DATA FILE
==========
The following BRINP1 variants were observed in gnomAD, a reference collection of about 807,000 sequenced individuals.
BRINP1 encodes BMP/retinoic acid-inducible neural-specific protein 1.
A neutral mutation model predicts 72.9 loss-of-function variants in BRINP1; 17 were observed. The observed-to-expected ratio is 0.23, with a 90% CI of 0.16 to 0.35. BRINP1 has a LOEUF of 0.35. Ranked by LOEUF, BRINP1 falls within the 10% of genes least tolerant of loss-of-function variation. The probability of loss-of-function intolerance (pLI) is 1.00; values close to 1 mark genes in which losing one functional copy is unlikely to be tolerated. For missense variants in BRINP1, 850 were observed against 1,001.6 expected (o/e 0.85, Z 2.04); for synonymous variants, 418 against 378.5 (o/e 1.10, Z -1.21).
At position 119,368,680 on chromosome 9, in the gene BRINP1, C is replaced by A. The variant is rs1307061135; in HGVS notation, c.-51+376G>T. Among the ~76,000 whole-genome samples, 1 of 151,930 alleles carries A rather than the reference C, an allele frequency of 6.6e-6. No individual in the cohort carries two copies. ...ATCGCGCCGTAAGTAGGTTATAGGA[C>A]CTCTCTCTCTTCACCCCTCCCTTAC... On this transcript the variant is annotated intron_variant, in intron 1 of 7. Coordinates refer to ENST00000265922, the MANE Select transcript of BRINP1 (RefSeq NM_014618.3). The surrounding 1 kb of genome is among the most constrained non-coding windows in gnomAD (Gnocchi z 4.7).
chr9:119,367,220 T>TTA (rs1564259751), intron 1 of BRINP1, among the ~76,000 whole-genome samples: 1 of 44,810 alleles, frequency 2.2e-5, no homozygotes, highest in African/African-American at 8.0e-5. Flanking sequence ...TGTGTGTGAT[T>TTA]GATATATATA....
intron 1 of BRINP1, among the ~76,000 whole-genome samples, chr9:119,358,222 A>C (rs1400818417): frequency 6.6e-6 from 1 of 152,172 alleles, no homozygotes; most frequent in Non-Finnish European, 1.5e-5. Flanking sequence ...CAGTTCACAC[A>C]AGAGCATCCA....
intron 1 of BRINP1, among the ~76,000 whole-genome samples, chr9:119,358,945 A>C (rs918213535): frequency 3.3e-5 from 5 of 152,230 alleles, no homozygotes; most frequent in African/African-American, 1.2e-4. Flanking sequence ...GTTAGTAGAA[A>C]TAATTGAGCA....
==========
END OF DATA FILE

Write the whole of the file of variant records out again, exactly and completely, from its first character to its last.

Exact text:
The following BRINP1 variants were observed in gnomAD, a reference collection of about 807,000 sequenced individuals.
BRINP1 encodes BMP/retinoic acid-inducible neural-specific protein 1.
A neutral mutation model predicts 72.9 loss-of-function variants in BRINP1; 17 were observed. The observed-to-expected ratio is 0.23, with a 90% CI of 0.16 to 0.35. BRINP1 has a LOEUF of 0.35. Ranked by LOEUF, BRINP1 falls within the 10% of genes least tolerant of loss-of-function variation. The probability of loss-of-function intolerance (pLI) is 1.00; values close to 1 mark genes in which losing one functional copy is unlikely to be tolerated. For missense variants in BRINP1, 850 were observed against 1,001.6 expected (o/e 0.85, Z 2.04); for synonymous variants, 418 against 378.5 (o/e 1.10, Z -1.21).
At position 119,368,680 on chromosome 9, in the gene BRINP1, C is replaced by A. The variant is rs1307061135; in HGVS notation, c.-51+376G>T. Among the ~76,000 whole-genome samples, 1 of 151,930 alleles carries A rather than the reference C, an allele frequency of 6.6e-6. No individual in the cohort carries two copies. ...ATCGCGCCGTAAGTAGGTTATAGGA[C>A]CTCTCTCTCTTCACCCCTCCCTTAC... On this transcript the variant is annotated intron_variant, in intron 1 of 7. Coordinates refer to ENST00000265922, the MANE Select transcript of BRINP1 (RefSeq NM_014618.3). The surrounding 1 kb of genome is among the most constrained non-coding windows in gnomAD (Gnocchi z 4.7).
chr9:119,367,220 T>TTA (rs1564259751), intron 1 of BRINP1, among the ~76,000 whole-genome samples: 1 of 44,810 alleles, frequency 2.2e-5, no homozygotes, highest in African/African-American at 8.0e-5. Flanking sequence ...TGTGTGTGAT[T>TTA]GATATATATA....
intron 1 of BRINP1, among the ~76,000 whole-genome samples, chr9:119,358,222 A>C (rs1400818417): frequency 6.6e-6 from 1 of 152,172 alleles, no homozygotes; most frequent in Non-Finnish European, 1.5e-5. Flanking sequence ...CAGTTCACAC[A>C]AGAGCATCCA....
intron 1 of BRINP1, among the ~76,000 whole-genome samples, chr9:119,358,945 A>C (rs918213535): frequency 3.3e-5 from 5 of 152,230 alleles, no homozygotes; most frequent in African/African-American, 1.2e-4. Flanking sequence ...GTTAGTAGAA[A>C]TAATTGAGCA....